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NCJ Number: 221439 Find in a Library
Title: Thacher, Augustus, and Hill--The Path to Statutory Probation in the United States and England
Journal: Federal Probation  Volume:71  Issue:3  Dated:December 2007  Pages:36-41
Author(s): Charles Lindner
Date Published: December 2007
Page Count: 6
Document: HTML
Publisher: https://www.uscourts.gov 
Type: Historical Overview
Format: Article
Language: English
Country: United States of America
Annotation: This paper reviews the historic contributions to American and British probation of John Augustus, Matthew Davenport Hill, and Judge Peter Oxenbridge Thacher.
Abstract: John Augustus is considered by many to be the "father of probation," Champion (2002) notes that "Probation in the United States was conceived in 1841 by a successful cobbler and philanthropist, John Augustus ..." Silverman and Vega (1996) state that the work of Augustus "led to the statutory creation of probation services in Massachusetts." A number of writings, however, both in the United States and England, note the contribution of Matthew Davenport Hill to the development of probation. Hill, a lawyer in England, held the judicial post of recorder in Birmingham, England. Although his work did not as closely parallel modern-day probation as that of Augustus, it contributed to the development of the practice. Hill used one of the techniques that would become a component of today's probation, i.e., the supervision of the offender. After using the traditional 1 day of incarceration for convicted juvenile offenders, Hill required that persons be assigned to act as guardians for a young offender. Special court-appointed police officers would periodically call upon the guardians of the juvenile in order to monitor the youth's behavior. A record was generally kept of the guardian's report on the juvenile's behavior. Coincidentally, Augustus and Hill initiated their probation-like work in the same year. In addition to the contributions of Augustus and Hill to the emergence of the practice of probation, Judge Peter Oxenbridge Thacher preceded them in releasing many juvenile offenders on condition of good behavior rather than incarcerating them. Thacher used release on recognizance with great frequency in his years on the bench (1823-43) in the Municipal Court of Boston. 24 references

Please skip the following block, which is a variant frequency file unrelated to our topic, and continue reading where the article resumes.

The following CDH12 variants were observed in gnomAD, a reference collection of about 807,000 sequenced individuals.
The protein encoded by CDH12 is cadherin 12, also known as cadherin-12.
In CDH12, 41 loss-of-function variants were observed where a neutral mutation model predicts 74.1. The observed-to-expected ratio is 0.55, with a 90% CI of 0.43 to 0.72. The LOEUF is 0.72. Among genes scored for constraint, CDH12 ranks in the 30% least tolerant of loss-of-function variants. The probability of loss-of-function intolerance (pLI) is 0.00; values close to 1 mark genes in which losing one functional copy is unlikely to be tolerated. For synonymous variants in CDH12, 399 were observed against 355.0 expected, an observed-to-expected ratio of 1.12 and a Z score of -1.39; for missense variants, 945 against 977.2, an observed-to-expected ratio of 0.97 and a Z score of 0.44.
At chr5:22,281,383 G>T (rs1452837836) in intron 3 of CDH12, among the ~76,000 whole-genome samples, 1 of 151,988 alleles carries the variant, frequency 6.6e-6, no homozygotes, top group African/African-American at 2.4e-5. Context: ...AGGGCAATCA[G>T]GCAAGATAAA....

Main Term(s): History of corrections
Index Term(s): England; Judicial discretion; Juvenile sentencing; Massachusetts; Probation; United States of America
To cite this abstract, use the following link:
http://www.ncjrs.gov/App/publications/abstract.aspx?ID=243311

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